Tuesday, August 25, 2009
Block Island Day 2 - Tuesday, August 18
I woke up at dawn on Tuesday and Wednesday mornings to take photos of the sunrise over the harbor. I have fond memories of waking up early as a kid on beach vacations to see the sun rise over the ocean, and I didn't want to miss the show at Block Island. I think the rewards were worth the effort.
Both mornings I was able to go back to sleep for a while after waking up early. After all, I was on vacation.
On Tuesday morning we rode up to the northernmost point of the island to check out the lighthouse there. We'd hoped to swim at the beach as well, but signs and the rocks indicated that swimming was against the rules. Instead, we walked along the beach up to the lighthouse and beyond. The northern beach was bleak and foreboding. It bordered on a wildlife preserve and, except for the tourists wandering along the seaweed-strewn sands, the area was deserted.
A couple of hardy people defied the rules and went for a swim, but we decided to ride south and choose another beach. On the way back Kate led us off the main road to a beach she had visited last summer. This beach was much more crowded than the one we'd visited on Monday but after a hot ride and a long walk we didn't care about all the people and we just went into the water. The water was just as cold as it had been on Monday. Kate didn't seem to mind the temperature and made fun of me shrieking like a little girl every time a wave hit me. I kept shouting "I'm having a great time!" despite shivering and tucking my hands into my armpits.
We rode back toward the harbor for lunch, looking for a sandwich shop or a deli for a quick bite. We couldn't find anything like that and with hunger quickly taking control of our senses, we stopped at the first restaurant we found. It was the Albion Pub, a sports-bar-type place with HDTVs in the corners. We talked with the bartender (and owner?) who said that business on the island had been slow all summer long. Many residents had put off scheduled renovations or improvements to their homes, and the usual tourist crowd was down from previous years. The bar was nearly empty when we were there, but it was nearly mid-afternoon so we'd missed the lunchtime rush.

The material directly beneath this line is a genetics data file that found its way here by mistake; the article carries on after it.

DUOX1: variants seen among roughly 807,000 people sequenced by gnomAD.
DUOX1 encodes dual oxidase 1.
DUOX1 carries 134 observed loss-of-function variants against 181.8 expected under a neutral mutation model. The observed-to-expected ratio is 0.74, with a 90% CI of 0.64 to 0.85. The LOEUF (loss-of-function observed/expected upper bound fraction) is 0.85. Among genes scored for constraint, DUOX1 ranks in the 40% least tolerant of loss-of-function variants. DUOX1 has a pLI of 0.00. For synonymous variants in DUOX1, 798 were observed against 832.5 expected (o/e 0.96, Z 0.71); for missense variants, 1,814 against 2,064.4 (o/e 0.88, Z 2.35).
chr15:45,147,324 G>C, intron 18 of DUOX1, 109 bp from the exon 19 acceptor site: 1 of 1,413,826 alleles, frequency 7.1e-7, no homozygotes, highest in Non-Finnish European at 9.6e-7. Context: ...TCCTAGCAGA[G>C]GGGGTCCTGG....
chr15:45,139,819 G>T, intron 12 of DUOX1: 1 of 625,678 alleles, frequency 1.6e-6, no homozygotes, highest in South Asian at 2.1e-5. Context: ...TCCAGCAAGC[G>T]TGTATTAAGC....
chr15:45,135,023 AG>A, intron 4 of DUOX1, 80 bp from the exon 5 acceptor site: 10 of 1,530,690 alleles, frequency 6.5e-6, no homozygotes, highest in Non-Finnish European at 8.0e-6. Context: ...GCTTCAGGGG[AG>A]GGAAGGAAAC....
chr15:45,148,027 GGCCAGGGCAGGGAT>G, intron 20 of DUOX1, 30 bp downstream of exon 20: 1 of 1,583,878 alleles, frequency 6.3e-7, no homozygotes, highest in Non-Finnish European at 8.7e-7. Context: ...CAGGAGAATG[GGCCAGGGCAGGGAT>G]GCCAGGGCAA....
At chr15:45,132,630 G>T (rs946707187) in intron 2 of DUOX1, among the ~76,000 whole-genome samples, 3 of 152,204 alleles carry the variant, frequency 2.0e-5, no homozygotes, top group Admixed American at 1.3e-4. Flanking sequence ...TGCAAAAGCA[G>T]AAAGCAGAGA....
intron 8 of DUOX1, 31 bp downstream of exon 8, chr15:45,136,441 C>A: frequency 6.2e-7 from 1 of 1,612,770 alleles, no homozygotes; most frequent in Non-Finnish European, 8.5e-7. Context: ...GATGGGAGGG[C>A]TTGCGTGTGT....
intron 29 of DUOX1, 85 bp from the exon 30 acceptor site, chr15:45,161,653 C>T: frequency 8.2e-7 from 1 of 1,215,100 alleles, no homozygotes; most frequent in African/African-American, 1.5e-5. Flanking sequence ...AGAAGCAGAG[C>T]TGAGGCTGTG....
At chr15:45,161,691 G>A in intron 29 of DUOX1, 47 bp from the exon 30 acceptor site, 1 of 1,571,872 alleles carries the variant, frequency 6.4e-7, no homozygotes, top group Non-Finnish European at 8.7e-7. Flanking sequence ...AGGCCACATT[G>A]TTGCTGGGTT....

After lunch, we rode back to a nearby beach and spent the rest of the afternoon soaking up the sun, literally. We had been applying sunscreen religiously, but the SPF 30 Banana Boat lotion didn't prevent us both from getting our backs sunburned. I read and Kate dozed, and when I looked over at her she had turned a bright shade of crimson where the sun had hit her back. We went shopping before dinner for better sunblock and aloe lotion, fully aware of the pain that awaited us on Wednesday. Despite our pain we were able to enjoy dinner that night at Ballard's. Kate ordered the New England clambake (a combination platter of steamed clams, lobster, corn, and potatoes) and I had the surf & turf. I'm not sure what cut of meat my steak was, as it was perfectly square.
But it was a steak, and it was seasoned and cooked to my satisfaction. The lobster wasn't bad either. We had dessert at Aldo's, one of the two main ice cream parlors on the island. It was definitely some of the best chocolate/peanut butter cup ice cream I've ever had.
One thing I didn't realize about going on a beach vacation in New England is that the weather cooled off considerably at night. The humidity fell and the temperature dropped into the 70s, and with the constant ocean breeze it became downright chilly. We hadn't thought to bring jackets or sweaters with us, so we had to buy some Block Island sweatshirts from a local tourist shop. On the positive side, I'd wanted a hooded sweatshirt for a long time and I wanted something with "Block Island" on it as a souvenir. Thanks to the weather, I came home with both.